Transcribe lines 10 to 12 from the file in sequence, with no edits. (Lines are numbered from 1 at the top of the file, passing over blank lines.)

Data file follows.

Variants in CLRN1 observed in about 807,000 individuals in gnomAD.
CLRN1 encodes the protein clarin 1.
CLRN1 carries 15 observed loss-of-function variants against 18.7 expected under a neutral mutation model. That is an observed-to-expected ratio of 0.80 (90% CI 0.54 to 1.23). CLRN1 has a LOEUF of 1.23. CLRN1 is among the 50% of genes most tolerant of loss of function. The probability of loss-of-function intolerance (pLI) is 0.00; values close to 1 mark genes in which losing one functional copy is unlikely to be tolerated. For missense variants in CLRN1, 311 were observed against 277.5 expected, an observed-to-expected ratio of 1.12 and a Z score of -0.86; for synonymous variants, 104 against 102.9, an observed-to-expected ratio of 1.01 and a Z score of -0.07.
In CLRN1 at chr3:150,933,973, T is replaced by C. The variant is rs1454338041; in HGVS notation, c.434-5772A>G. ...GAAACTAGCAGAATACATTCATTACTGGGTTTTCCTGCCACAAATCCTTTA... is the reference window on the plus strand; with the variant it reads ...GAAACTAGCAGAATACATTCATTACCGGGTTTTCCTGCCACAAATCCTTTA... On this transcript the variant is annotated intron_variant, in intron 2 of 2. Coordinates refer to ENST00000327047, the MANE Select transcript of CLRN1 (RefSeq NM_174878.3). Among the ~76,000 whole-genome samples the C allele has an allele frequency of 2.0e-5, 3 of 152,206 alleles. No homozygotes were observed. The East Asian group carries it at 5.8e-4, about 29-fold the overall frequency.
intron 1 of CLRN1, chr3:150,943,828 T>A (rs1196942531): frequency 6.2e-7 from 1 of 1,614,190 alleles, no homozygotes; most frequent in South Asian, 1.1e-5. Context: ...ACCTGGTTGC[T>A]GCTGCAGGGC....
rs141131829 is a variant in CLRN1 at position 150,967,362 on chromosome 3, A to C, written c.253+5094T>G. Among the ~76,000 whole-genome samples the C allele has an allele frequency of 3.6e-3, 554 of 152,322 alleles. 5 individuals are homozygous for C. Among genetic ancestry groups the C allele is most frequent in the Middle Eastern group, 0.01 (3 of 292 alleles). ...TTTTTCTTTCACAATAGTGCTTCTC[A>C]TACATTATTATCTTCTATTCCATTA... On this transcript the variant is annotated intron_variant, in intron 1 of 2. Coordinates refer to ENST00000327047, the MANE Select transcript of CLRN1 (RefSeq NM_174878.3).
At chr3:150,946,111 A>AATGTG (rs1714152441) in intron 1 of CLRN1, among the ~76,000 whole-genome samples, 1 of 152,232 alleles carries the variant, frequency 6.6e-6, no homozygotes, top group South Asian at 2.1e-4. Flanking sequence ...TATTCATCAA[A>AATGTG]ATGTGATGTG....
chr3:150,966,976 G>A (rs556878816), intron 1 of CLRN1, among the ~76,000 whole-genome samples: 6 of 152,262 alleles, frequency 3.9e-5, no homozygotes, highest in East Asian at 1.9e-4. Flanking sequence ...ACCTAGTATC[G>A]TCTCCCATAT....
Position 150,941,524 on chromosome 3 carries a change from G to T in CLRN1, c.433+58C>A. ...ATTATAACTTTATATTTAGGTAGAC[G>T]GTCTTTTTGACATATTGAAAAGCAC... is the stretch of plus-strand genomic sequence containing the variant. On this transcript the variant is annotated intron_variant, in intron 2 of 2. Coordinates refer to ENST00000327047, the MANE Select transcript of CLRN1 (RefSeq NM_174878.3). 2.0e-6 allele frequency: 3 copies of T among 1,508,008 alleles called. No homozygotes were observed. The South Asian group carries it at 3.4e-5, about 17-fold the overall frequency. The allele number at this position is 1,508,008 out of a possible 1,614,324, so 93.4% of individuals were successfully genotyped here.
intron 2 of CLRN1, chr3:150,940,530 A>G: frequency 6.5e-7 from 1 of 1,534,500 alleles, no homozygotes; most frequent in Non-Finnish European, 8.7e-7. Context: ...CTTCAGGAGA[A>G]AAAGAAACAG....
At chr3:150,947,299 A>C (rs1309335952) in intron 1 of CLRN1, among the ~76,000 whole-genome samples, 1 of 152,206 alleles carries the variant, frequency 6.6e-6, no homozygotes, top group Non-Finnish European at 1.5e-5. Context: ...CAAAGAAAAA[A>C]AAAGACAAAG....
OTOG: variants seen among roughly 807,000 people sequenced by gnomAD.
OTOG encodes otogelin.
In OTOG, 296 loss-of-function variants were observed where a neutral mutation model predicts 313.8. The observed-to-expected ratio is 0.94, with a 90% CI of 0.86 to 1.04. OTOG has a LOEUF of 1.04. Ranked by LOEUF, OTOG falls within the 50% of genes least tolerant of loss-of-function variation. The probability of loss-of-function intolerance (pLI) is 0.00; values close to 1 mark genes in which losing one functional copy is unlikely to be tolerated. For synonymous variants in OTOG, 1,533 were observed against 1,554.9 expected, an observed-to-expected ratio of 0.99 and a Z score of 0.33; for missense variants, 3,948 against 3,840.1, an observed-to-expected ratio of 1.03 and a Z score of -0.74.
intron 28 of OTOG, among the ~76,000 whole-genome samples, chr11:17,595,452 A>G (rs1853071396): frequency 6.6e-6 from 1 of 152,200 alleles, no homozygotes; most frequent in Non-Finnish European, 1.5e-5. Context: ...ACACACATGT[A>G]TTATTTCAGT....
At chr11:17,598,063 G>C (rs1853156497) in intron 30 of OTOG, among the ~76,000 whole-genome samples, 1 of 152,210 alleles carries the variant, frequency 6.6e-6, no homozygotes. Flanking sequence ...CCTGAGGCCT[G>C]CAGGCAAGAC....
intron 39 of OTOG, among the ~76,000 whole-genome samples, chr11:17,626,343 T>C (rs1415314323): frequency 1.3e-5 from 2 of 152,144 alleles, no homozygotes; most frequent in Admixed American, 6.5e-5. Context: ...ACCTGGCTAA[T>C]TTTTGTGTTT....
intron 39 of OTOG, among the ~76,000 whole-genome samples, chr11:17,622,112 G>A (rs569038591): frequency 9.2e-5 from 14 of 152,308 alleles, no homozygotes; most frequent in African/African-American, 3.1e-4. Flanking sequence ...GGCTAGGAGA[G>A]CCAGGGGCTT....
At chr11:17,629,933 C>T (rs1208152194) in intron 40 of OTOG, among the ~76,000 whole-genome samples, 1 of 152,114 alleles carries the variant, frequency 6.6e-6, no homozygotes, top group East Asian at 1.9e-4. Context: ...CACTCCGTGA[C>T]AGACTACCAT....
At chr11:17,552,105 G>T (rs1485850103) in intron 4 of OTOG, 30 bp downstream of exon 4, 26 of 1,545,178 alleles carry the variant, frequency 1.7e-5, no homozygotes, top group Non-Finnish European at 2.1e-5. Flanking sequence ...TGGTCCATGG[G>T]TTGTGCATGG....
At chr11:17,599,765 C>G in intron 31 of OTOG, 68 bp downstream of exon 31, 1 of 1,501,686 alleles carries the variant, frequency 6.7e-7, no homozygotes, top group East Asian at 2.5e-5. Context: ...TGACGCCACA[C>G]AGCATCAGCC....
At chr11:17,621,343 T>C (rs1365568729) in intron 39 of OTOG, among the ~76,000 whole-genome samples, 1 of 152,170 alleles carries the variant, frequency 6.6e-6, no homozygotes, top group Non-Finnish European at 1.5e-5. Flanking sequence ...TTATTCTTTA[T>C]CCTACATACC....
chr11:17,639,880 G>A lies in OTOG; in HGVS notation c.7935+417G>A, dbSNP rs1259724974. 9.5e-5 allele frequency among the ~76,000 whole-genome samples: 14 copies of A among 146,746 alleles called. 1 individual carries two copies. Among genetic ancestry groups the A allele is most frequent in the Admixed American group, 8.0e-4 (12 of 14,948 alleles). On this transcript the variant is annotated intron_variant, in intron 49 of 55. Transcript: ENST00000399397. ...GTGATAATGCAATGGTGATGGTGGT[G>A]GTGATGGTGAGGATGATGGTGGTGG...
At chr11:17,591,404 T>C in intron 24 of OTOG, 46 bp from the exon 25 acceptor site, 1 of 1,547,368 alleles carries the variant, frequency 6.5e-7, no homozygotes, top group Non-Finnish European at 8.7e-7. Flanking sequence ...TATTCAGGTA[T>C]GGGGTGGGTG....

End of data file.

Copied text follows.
intron 2 of CLRN1, chr3:150,940,530 A>G: frequency 6.5e-7 from 1 of 1,534,500 alleles, no homozygotes; most frequent in Non-Finnish European, 8.7e-7. Context: ...CTTCAGGAGA[A>G]AAAGAAACAG....
At chr3:150,947,299 A>C (rs1309335952) in intron 1 of CLRN1, among the ~76,000 whole-genome samples, 1 of 152,206 alleles carries the variant, frequency 6.6e-6, no homozygotes, top group Non-Finnish European at 1.5e-5. Context: ...CAAAGAAAAA[A>C]AAAGACAAAG....
OTOG: variants seen among roughly 807,000 people sequenced by gnomAD.